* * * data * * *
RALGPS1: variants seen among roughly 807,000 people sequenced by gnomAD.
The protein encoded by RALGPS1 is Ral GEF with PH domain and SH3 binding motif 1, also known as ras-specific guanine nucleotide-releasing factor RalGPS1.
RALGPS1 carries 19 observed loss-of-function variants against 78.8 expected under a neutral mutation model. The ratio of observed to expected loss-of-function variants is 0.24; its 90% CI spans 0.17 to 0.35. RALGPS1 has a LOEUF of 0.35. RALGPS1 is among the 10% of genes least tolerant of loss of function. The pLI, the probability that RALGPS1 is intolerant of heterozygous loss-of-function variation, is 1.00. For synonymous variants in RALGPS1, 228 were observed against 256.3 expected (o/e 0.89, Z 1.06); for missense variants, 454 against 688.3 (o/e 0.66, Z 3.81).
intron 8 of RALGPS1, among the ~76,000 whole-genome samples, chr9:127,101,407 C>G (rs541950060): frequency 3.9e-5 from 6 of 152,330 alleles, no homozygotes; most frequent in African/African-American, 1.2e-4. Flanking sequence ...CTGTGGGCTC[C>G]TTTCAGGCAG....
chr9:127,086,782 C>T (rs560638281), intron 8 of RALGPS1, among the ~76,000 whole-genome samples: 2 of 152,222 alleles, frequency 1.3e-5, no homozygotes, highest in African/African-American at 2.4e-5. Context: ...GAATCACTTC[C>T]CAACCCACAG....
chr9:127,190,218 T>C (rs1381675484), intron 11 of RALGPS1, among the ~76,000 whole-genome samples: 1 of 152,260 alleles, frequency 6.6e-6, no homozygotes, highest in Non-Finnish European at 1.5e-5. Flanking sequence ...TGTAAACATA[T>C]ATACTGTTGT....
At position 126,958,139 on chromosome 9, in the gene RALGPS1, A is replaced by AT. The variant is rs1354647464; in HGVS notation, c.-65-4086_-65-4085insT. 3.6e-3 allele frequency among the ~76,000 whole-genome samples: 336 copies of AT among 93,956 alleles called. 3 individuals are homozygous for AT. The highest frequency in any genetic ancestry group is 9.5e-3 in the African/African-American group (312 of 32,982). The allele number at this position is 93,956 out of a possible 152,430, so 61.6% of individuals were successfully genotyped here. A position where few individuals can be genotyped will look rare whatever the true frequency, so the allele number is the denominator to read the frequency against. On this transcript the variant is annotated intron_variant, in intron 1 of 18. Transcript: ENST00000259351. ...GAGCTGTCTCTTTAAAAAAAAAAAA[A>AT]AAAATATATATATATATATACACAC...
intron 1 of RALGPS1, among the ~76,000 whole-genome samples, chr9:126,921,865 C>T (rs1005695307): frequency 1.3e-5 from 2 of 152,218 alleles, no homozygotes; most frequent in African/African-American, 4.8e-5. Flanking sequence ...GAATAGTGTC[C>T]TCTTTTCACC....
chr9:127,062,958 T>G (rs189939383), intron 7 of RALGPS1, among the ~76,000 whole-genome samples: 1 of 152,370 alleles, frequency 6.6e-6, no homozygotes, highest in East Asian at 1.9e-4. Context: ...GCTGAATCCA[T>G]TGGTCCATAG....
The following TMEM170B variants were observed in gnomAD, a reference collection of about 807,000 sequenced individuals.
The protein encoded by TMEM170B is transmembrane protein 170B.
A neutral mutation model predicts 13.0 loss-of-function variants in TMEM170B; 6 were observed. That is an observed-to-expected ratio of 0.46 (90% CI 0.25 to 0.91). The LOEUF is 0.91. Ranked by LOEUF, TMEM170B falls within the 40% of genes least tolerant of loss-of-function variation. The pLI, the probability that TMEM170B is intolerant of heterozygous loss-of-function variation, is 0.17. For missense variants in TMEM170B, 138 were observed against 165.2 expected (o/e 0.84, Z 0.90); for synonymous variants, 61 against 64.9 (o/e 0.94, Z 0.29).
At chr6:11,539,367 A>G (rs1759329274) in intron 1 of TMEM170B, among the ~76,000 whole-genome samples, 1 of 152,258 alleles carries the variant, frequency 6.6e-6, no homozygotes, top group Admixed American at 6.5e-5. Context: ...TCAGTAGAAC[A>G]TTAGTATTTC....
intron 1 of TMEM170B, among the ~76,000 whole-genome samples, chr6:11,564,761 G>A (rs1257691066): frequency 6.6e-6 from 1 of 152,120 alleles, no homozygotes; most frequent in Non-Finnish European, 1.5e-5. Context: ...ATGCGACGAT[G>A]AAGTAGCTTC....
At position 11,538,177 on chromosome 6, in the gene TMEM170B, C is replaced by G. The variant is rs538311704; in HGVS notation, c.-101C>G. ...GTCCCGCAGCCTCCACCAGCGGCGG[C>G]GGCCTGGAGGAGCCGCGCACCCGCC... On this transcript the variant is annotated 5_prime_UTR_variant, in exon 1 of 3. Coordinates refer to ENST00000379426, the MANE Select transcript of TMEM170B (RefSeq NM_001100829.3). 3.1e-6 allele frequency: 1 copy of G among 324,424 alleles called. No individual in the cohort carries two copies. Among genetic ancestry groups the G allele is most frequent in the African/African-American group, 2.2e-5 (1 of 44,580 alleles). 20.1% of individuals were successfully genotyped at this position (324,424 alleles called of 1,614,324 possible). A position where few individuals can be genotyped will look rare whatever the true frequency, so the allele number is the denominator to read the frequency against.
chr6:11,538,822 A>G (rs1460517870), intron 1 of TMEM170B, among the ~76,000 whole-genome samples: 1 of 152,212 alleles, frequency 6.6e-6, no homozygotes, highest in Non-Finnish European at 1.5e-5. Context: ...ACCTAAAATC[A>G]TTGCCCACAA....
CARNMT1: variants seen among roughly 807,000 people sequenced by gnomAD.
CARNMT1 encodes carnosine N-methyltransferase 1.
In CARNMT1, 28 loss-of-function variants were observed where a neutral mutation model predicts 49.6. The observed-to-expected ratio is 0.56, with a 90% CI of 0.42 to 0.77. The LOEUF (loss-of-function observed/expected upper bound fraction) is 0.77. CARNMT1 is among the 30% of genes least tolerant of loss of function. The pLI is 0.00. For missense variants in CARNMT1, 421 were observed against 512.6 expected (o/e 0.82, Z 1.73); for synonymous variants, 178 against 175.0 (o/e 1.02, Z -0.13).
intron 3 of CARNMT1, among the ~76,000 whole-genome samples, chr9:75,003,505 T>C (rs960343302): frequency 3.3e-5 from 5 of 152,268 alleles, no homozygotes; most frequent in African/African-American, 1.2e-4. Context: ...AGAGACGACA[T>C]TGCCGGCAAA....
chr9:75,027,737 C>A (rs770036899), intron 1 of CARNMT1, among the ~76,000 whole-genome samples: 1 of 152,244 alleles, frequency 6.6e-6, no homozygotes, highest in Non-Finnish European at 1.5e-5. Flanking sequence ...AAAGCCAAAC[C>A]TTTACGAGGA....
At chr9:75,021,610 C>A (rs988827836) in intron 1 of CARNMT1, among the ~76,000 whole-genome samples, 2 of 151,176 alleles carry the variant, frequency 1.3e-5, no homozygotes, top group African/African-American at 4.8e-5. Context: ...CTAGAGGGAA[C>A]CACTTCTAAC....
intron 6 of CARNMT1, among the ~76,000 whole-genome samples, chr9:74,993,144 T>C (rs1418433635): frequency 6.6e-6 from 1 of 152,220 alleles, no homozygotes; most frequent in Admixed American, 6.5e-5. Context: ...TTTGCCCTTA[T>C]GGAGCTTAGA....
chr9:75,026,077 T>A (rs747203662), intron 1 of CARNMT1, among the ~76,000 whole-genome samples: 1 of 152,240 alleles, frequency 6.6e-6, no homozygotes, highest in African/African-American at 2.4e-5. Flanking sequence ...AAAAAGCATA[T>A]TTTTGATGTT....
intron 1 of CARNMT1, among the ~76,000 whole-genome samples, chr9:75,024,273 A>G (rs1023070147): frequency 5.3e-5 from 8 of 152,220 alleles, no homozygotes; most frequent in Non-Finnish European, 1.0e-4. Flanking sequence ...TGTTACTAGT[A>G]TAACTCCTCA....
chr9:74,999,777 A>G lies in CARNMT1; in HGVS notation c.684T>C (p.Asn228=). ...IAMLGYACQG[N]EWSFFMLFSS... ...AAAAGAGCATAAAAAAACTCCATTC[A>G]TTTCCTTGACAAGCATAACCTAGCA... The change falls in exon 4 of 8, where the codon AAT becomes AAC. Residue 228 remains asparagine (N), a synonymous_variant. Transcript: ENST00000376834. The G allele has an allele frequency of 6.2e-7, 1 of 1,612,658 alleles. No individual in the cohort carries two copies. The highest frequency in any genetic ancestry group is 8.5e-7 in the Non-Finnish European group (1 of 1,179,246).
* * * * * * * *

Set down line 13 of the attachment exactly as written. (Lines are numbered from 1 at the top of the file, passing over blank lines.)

At chr6:11,539,367 A>G (rs1759329274) in intron 1 of TMEM170B, among the ~76,000 whole-genome samples, 1 of 152,258 alleles carries the variant, frequency 6.6e-6, no homozygotes, top group Admixed American at 6.5e-5. Context: ...TCAGTAGAAC[A>G]TTAGTATTTC....